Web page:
In 2003, Arthur Kennickell wrote a paper entitled A Rolling Tide: Changes in the Distribution of Wealth in
the U.S., 1989-2001, summarizing the 2001 Survey of Consumer Finances.
The 2006 study, of 2004 data, was entitled Currents and Undercurrents: Changes in the Distribution of Wealth, 1989-2004. Aggregated tables adapted from that study are at http://www.wealthandwant.com/issues/wealth/90-9-1_Tables.html and more detailed tables are at http://www.wealthandwant.com/issues/wealth/50-40-5-4-1.htm.
I awaited the newest study with curiosity both for what it would show and how AK would title it.
The 2009 study, of 2007 data, is entitled
Ponds and Streams: Wealth and Income
in the U.S., 1989 to 2007.
The title is well chosen: it recognizes that wealth is a stock, and income a flow. The study doesn't find large changes in wealth distribution since 2004, but it goes more deeply into the interconnections of wealth and income.
The studies are based on the Survey of Consumer Finances, conducted every third year since 1989 by the Federal Reserve Board.
Here are some highlights:
- In 2007, the wealthiest 1 percent of families owned 33.8 percent of total family wealth, the next wealthiest 9 percent owned 37.7 percent, and the rest owned 28.5 percent.
- The Gini coefficient for income was 0.575 in the 2007 survey, about 30 percent smaller than the corresponding value for wealth. (The Gini coefficient is a measure of concentration of ownership, and ranges from 0.00 to 1.00; a Gini of 1.00 indicates that 1% of the population owns 100% of the asset.)
- Over the 1989–2007 period, capital gains rose more markedly than mean income, which rose about 28 percent in real terms. As an indication of the size of the capital gains, house prices, according to the OFHEO House Price Index adjusted simply using the CPI-U-RS, rose 46 percent over this time, and publicly traded shares, according to the correspondingly adjusted Wilshire 5000 Index, rose 179 percent.
- The strongest signal ... is a 3.9 percentage point decline in the share of total wealth held by the group between the 50th and 90th percentiles of the wealth distribution, with the top 5 percent of the distribution approximately absorbing the shift.
Reviewing the extremely detailed tables, I want to share a few highlights from the 2007 data, first on net worth, from Table A3a:
- The bottom 50% of us had 2.5% of the net worth. The next 40% of us had 26.0% of the net worth. That left 71.5% to be shared among the top 10%, of which the aforementioned top 1% held 33.8%. [Table A3a]
- The bottom 50% of us had 6.1% of the assets. The next 40% had 29.0%, and the top 10% held 64.9%; the top 1% held 29.6% of assets.
- Debt is distributed differently: The bottom 50% of us had 26.7% of the debt; the next 40% had 46.6%, leaving only 26.7% for the top 10%, of which 5.3% is held by the top 1%.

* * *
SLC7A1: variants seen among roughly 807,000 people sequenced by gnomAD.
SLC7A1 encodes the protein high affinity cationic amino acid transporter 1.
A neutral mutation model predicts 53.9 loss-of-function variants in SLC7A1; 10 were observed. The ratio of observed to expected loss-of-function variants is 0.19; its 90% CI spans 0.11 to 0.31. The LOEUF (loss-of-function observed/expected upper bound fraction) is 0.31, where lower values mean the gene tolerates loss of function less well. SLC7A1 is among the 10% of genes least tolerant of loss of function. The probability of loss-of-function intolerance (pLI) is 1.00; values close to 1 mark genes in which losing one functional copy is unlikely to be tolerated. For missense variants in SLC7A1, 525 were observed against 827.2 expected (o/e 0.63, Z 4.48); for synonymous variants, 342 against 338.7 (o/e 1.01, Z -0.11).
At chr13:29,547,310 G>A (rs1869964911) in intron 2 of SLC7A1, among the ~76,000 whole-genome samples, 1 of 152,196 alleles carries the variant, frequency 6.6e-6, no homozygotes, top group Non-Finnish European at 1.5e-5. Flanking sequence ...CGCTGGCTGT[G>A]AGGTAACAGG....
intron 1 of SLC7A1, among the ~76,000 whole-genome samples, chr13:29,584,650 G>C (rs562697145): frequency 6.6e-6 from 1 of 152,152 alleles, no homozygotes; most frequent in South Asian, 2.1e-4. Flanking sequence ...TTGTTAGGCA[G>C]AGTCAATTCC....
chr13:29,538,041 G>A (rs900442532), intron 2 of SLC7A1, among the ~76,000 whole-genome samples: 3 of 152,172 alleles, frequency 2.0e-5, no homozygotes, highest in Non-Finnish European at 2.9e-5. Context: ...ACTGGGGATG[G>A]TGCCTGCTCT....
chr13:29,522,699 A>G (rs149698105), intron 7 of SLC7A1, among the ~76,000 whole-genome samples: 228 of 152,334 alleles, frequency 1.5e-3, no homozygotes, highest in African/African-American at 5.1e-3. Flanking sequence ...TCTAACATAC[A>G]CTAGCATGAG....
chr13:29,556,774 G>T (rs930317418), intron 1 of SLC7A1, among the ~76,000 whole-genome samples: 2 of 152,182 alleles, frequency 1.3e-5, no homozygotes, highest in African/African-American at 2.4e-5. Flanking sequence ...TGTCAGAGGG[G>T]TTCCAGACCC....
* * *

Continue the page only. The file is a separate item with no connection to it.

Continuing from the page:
- 68.6% of us owned homes; 48.7% had mortgage debt against those homes. (The comparable figures from the 2004 SCF were 69.1% and 47.9%; the former difference is significant; the latter may not be.)
- Looking at households ranked by net worth:
- the bottom 50% of households, which had 2.5% of the net worth, received 22.4% of the income
- the next 40% of households, who had 26.0% of the net worth, received 36.3% of the income
- The next 5% of households, with 11.1% of the net worth, received 8.3% of income
- The next 4% of households, with 26.6% of the net worth, received 16.6% of the income
- The top 1% of households ranked by net worth, with 33.8% of the net worth, received 16.4% of the income.
Turning to the data on households ranked by income [Table A4a and A4b]:
- The bottom 50% of us received 14.6% of the income. The next 40% received 38.2% of the income. That left 47.2% for the top 10%, of which 21.4% went to the top 1%. (In 2004, the bottom 50% received 15.8% of the income, then next 40% received 41.4%, leaving 42.7% for the top 10%, of which 17.2% went to the top 1%.)
- the bottom 50% of households, who received 14.6% of the income, held 12.3% of the net worth
- the next 40% of households, who received 38.2% of income, held 28.3% of the net worth
- the next 5% of households, who received 10.0% of the income, held 10.9% of the net worth
- the next 4% of households, receiving 15.8% of the income, had 22.3% of the net worth
- the top 1% of households, ranked by income, received 21.4% of the income and had 26.2% of the net worth.
So the question seems to be "How's it trickling?" Is it trickling down, or is the flow in the other direction? And how do we correct it, without theft?
I refer you to Michael Kinsley's observation in the WaPo a few days ago:
I talk here from time to time about the FIRE sector -- finance, insurance and real estate. A few months ago I might have had difficulty convincing many people that "insurance" is part of the problem. But in view of AIG, of PMI, of title insurance (as reported by David Cay Johnston in Perfectly Legal), I don't think I have to make the case that the FIRE sector has managed to get the rules set up so that they reap what the rest of us sow.